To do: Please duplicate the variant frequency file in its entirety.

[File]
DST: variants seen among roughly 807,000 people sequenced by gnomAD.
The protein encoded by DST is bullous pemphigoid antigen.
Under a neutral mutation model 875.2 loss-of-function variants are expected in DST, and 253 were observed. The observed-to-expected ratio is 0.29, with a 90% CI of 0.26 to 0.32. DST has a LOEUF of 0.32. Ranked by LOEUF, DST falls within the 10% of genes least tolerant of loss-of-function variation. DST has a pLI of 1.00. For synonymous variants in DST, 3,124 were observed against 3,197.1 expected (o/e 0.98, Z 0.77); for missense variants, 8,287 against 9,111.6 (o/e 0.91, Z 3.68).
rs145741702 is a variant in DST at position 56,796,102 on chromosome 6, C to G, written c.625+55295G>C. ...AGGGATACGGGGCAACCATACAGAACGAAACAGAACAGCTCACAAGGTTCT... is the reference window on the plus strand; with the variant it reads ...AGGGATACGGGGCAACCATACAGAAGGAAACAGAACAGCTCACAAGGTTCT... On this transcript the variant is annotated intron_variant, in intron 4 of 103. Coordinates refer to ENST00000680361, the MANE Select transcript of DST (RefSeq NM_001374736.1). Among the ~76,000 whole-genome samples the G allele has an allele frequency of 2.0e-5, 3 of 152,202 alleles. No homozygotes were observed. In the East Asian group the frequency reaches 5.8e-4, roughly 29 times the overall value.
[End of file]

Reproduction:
DST: variants seen among roughly 807,000 people sequenced by gnomAD.
The protein encoded by DST is bullous pemphigoid antigen.
Under a neutral mutation model 875.2 loss-of-function variants are expected in DST, and 253 were observed. The observed-to-expected ratio is 0.29, with a 90% CI of 0.26 to 0.32. DST has a LOEUF of 0.32. Ranked by LOEUF, DST falls within the 10% of genes least tolerant of loss-of-function variation. DST has a pLI of 1.00. For synonymous variants in DST, 3,124 were observed against 3,197.1 expected (o/e 0.98, Z 0.77); for missense variants, 8,287 against 9,111.6 (o/e 0.91, Z 3.68).
rs145741702 is a variant in DST at position 56,796,102 on chromosome 6, C to G, written c.625+55295G>C. ...AGGGATACGGGGCAACCATACAGAACGAAACAGAACAGCTCACAAGGTTCT... is the reference window on the plus strand; with the variant it reads ...AGGGATACGGGGCAACCATACAGAAGGAAACAGAACAGCTCACAAGGTTCT... On this transcript the variant is annotated intron_variant, in intron 4 of 103. Coordinates refer to ENST00000680361, the MANE Select transcript of DST (RefSeq NM_001374736.1). Among the ~76,000 whole-genome samples the G allele has an allele frequency of 2.0e-5, 3 of 152,202 alleles. No homozygotes were observed. In the East Asian group the frequency reaches 5.8e-4, roughly 29 times the overall value.